The Nuremberg Transport Museum is based in Nuremberg, Germany, and consists of the Deutsche Bahn's own DB Museum and the Museum of Communications. It also has two satellite museums at Koblenz-Lützel and Halle. The Nuremberg Transport Museum is one of the oldest technical history museums in Europe.
27. St. Lorenz
St. Lorenz is a medieval church of the former free imperial city of Nuremberg in southern Germany. It is dedicated to Saint Lawrence. The church was badly damaged during the Second World War and later restored. It is one of the most prominent churches of the Evangelical Lutheran Church in Bavaria.
The All Saints' Chapel in Nuremberg is a late Gothic sacral building. Between 1501 and 1510 it was created as a house chapel of the Landauer Zwelfbrüderhaus according to plans by the Nuremberg architect Hans Beheim d. Ä. It has been used by the old Catholic community in Nuremberg since 2006.
The Nuremberg Red Cross Museum is the largest of 15 museums dedicated to the history and activities of the Red Cross in the Federal Republic of Germany. In addition to various other exhibits, the museum also has a vehicle hall, which displays Red Cross vehicles from different times.
The Forced Laborer Memorial "Transit" is a Nuremberg monument. It is located at the Plärrer, a main traffic junction of the Nuremberg city centre, just outside the city wall. The aim is to keep the memory of the fate of the Nuremberg forced laborers during the Nazi era alive.
The Rechenberg is the name of district 902 in the Statistical District 9 - eastern outdoor town in the statistical district 90. It is also the name for an approximately 338 m high survey in the northeast of the city of Nuremberg and a surrounding park of the same name.
32. St. Egidien
33. Straße der Menschenrechte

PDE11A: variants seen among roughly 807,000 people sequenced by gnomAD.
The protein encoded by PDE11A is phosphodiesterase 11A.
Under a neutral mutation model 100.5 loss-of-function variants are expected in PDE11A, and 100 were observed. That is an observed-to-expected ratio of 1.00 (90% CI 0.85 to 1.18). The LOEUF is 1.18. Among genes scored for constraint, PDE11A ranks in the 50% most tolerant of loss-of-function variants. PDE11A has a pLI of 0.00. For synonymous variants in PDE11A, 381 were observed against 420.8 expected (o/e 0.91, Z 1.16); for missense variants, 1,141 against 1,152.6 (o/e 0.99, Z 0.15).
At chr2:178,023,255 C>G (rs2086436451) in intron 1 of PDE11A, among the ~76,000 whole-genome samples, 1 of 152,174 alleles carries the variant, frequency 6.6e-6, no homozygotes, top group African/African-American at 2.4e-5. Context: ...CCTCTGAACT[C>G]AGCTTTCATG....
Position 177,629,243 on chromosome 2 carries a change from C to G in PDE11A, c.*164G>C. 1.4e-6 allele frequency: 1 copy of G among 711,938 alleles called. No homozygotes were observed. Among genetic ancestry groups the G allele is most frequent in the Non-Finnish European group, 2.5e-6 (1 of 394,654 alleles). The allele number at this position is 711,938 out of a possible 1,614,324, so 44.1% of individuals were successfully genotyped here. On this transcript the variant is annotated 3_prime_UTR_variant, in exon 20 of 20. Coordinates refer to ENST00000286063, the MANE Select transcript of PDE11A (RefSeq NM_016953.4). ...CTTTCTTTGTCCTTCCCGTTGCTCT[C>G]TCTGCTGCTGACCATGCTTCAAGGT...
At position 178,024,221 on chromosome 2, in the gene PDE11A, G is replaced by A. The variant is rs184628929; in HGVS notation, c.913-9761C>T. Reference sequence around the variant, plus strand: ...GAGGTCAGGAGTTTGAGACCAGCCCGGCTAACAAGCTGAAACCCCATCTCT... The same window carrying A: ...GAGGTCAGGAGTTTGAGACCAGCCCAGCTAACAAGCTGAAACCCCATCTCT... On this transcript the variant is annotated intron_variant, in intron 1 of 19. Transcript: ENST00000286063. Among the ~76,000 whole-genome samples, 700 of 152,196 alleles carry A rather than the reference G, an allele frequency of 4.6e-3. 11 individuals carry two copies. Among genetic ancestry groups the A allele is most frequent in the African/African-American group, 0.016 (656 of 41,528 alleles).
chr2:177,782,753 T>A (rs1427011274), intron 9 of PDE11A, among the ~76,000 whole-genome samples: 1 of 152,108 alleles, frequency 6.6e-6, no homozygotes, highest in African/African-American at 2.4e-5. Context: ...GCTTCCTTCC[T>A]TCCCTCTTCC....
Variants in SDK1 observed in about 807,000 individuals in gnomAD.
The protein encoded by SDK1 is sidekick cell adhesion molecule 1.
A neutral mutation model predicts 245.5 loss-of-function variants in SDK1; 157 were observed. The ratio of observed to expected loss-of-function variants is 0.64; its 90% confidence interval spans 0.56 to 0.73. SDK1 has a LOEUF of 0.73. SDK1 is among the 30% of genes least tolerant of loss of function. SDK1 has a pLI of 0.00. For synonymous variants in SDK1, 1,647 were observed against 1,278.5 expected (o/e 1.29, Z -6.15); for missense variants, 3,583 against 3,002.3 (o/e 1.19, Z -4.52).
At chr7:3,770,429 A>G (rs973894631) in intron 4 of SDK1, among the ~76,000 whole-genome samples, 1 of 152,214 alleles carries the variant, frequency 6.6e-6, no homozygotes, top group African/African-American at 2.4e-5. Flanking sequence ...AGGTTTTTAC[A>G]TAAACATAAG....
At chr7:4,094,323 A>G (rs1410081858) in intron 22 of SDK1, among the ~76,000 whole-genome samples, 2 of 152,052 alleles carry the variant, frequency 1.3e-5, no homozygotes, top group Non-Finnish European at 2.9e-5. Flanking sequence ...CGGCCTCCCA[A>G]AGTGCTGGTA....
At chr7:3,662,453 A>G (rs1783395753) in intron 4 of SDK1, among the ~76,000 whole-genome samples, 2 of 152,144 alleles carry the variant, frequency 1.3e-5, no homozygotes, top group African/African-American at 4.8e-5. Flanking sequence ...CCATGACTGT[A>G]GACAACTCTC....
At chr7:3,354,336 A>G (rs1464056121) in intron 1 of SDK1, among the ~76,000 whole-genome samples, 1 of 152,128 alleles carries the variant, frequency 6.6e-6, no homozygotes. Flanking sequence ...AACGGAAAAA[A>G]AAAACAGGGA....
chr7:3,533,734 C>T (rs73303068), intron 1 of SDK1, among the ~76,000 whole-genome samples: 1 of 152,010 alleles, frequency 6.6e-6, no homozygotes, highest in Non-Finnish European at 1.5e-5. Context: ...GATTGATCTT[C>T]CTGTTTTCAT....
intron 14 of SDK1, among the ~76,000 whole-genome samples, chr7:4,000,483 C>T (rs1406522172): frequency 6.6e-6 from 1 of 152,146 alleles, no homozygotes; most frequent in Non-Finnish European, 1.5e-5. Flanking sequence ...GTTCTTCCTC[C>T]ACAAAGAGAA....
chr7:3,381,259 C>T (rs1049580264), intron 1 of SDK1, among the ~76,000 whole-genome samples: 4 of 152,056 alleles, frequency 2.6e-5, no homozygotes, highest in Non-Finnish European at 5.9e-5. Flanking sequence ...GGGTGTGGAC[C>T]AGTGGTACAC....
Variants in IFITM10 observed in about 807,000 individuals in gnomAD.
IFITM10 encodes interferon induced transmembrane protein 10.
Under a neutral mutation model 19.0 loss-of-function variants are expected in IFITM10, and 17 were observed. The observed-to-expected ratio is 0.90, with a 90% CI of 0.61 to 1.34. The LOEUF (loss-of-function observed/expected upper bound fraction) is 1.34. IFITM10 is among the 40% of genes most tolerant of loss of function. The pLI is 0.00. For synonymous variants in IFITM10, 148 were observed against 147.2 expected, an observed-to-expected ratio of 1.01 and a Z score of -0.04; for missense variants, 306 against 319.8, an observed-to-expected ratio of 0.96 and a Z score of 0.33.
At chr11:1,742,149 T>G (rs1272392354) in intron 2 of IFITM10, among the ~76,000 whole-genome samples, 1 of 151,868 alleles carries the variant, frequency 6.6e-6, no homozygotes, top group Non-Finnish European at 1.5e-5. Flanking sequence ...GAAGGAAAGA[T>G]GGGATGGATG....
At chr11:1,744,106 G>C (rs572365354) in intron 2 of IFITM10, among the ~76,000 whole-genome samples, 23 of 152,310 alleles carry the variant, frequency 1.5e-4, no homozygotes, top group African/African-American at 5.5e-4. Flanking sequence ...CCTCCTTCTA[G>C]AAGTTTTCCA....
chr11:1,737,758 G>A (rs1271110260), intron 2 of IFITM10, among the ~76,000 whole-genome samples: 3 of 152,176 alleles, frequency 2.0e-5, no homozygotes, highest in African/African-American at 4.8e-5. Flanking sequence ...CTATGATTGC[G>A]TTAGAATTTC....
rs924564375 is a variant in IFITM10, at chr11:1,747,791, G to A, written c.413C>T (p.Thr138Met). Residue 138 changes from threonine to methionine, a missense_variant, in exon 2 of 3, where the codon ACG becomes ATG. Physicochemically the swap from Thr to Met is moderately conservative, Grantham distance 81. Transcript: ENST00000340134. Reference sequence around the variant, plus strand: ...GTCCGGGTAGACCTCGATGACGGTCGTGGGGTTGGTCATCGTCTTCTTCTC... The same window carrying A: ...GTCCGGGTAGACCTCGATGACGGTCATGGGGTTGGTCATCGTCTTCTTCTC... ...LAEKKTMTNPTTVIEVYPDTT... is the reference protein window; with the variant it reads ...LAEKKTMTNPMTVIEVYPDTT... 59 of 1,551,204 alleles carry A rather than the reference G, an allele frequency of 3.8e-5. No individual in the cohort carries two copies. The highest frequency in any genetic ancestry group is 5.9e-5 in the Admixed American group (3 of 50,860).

The Way of Human Rights is a monumental outdoor sculpture in Nuremberg, Germany. It was opened on 24 October 1993. It is sited on the street between the new and old buildings of the Germanisches Nationalmuseum, connecting Kornmarkt street and the medieval city wall.
34. Volkspark Marienberg
The Volkspark Marienberg is an English-style landscape garden in the north of Nuremberg and the second largest public park in the city. Volkspark Marienberg is also the name of district 831 in district 83 Marienberg, whose area is not identical to the green belt.
Museum Bridge is a sandstone arch bridge across the Penitz River in Nuremberg. The highway bridge is located at the starting point of Königstraße, connecting St. Nuremberg. Sebald and St. Lorenz District. It is located between Hauptmarkt and Lorenzer Square.
36. Schöner Brunnen
37. Kunsthalle Nürnberg
The Nuremberg Toy Museum in Nuremberg, Bavaria, is a municipal museum, which was founded in 1971. It is considered to be one of the most well known toy museums in the world, depicting the cultural history of toys from antiquity to the present.
40. St. Martha
St. Martha is a medieval church of the former free imperial city of Nuremberg in southern Germany. It is dedicated to Saint Martha. Since 1800 it is a Reformed church, the community of which forms part of the Evangelical Reformed Church.
41. St. Jakob
The marriage consumption, actually Hans Sachsbrunnen, is a large architecture fountain in Nuremberg. It is located immediately in front of the white tower in the pedestrian zone in the Nuremberg city center.